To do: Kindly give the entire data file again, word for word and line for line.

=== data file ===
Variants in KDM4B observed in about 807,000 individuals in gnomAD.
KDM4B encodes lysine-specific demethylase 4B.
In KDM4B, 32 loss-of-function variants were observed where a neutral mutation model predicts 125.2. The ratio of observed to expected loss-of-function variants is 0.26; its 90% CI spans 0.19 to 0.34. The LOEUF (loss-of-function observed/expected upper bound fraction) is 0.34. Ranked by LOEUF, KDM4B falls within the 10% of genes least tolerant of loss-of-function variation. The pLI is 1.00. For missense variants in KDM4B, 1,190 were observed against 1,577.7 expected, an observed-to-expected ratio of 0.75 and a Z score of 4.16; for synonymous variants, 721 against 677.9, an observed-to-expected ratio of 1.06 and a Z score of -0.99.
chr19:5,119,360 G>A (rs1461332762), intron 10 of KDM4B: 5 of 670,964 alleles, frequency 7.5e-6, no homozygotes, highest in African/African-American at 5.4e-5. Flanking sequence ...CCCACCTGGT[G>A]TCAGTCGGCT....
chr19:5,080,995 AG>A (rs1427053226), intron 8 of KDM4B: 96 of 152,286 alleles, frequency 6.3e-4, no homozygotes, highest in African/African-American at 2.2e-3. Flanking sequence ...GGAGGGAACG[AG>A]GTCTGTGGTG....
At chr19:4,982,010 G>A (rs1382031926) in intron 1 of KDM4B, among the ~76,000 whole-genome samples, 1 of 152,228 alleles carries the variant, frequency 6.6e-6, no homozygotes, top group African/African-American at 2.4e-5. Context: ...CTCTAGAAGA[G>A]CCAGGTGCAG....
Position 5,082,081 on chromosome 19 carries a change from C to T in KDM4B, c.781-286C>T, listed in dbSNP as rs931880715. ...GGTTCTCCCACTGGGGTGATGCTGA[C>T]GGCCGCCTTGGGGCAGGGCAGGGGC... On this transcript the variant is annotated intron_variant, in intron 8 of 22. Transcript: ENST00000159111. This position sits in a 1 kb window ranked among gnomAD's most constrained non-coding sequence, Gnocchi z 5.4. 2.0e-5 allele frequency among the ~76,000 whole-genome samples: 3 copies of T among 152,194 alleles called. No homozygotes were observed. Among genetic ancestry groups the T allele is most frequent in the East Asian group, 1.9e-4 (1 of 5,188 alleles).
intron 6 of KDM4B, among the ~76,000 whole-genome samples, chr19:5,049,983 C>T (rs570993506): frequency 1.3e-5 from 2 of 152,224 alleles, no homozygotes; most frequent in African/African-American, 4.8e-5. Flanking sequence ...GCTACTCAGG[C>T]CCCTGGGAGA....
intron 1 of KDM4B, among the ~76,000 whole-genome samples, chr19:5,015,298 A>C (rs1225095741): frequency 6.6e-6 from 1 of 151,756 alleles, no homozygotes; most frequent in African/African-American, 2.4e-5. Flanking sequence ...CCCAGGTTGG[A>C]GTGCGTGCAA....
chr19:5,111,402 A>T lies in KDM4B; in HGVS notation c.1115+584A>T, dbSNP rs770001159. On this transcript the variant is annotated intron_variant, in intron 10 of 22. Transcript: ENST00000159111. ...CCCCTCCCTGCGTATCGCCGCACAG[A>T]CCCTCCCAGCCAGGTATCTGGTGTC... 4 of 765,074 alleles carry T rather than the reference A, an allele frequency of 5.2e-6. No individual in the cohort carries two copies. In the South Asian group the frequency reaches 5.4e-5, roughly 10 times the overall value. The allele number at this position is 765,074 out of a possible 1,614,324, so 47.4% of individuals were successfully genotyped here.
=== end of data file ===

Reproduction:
Variants in KDM4B observed in about 807,000 individuals in gnomAD.
KDM4B encodes lysine-specific demethylase 4B.
In KDM4B, 32 loss-of-function variants were observed where a neutral mutation model predicts 125.2. The ratio of observed to expected loss-of-function variants is 0.26; its 90% CI spans 0.19 to 0.34. The LOEUF (loss-of-function observed/expected upper bound fraction) is 0.34. Ranked by LOEUF, KDM4B falls within the 10% of genes least tolerant of loss-of-function variation. The pLI is 1.00. For missense variants in KDM4B, 1,190 were observed against 1,577.7 expected, an observed-to-expected ratio of 0.75 and a Z score of 4.16; for synonymous variants, 721 against 677.9, an observed-to-expected ratio of 1.06 and a Z score of -0.99.
chr19:5,119,360 G>A (rs1461332762), intron 10 of KDM4B: 5 of 670,964 alleles, frequency 7.5e-6, no homozygotes, highest in African/African-American at 5.4e-5. Flanking sequence ...CCCACCTGGT[G>A]TCAGTCGGCT....
chr19:5,080,995 AG>A (rs1427053226), intron 8 of KDM4B: 96 of 152,286 alleles, frequency 6.3e-4, no homozygotes, highest in African/African-American at 2.2e-3. Flanking sequence ...GGAGGGAACG[AG>A]GTCTGTGGTG....
At chr19:4,982,010 G>A (rs1382031926) in intron 1 of KDM4B, among the ~76,000 whole-genome samples, 1 of 152,228 alleles carries the variant, frequency 6.6e-6, no homozygotes, top group African/African-American at 2.4e-5. Context: ...CTCTAGAAGA[G>A]CCAGGTGCAG....
Position 5,082,081 on chromosome 19 carries a change from C to T in KDM4B, c.781-286C>T, listed in dbSNP as rs931880715. ...GGTTCTCCCACTGGGGTGATGCTGA[C>T]GGCCGCCTTGGGGCAGGGCAGGGGC... On this transcript the variant is annotated intron_variant, in intron 8 of 22. Transcript: ENST00000159111. This position sits in a 1 kb window ranked among gnomAD's most constrained non-coding sequence, Gnocchi z 5.4. 2.0e-5 allele frequency among the ~76,000 whole-genome samples: 3 copies of T among 152,194 alleles called. No homozygotes were observed. Among genetic ancestry groups the T allele is most frequent in the East Asian group, 1.9e-4 (1 of 5,188 alleles).
intron 6 of KDM4B, among the ~76,000 whole-genome samples, chr19:5,049,983 C>T (rs570993506): frequency 1.3e-5 from 2 of 152,224 alleles, no homozygotes; most frequent in African/African-American, 4.8e-5. Flanking sequence ...GCTACTCAGG[C>T]CCCTGGGAGA....
intron 1 of KDM4B, among the ~76,000 whole-genome samples, chr19:5,015,298 A>C (rs1225095741): frequency 6.6e-6 from 1 of 151,756 alleles, no homozygotes; most frequent in African/African-American, 2.4e-5. Flanking sequence ...CCCAGGTTGG[A>C]GTGCGTGCAA....
chr19:5,111,402 A>T lies in KDM4B; in HGVS notation c.1115+584A>T, dbSNP rs770001159. On this transcript the variant is annotated intron_variant, in intron 10 of 22. Transcript: ENST00000159111. ...CCCCTCCCTGCGTATCGCCGCACAG[A>T]CCCTCCCAGCCAGGTATCTGGTGTC... 4 of 765,074 alleles carry T rather than the reference A, an allele frequency of 5.2e-6. No individual in the cohort carries two copies. In the South Asian group the frequency reaches 5.4e-5, roughly 10 times the overall value. The allele number at this position is 765,074 out of a possible 1,614,324, so 47.4% of individuals were successfully genotyped here.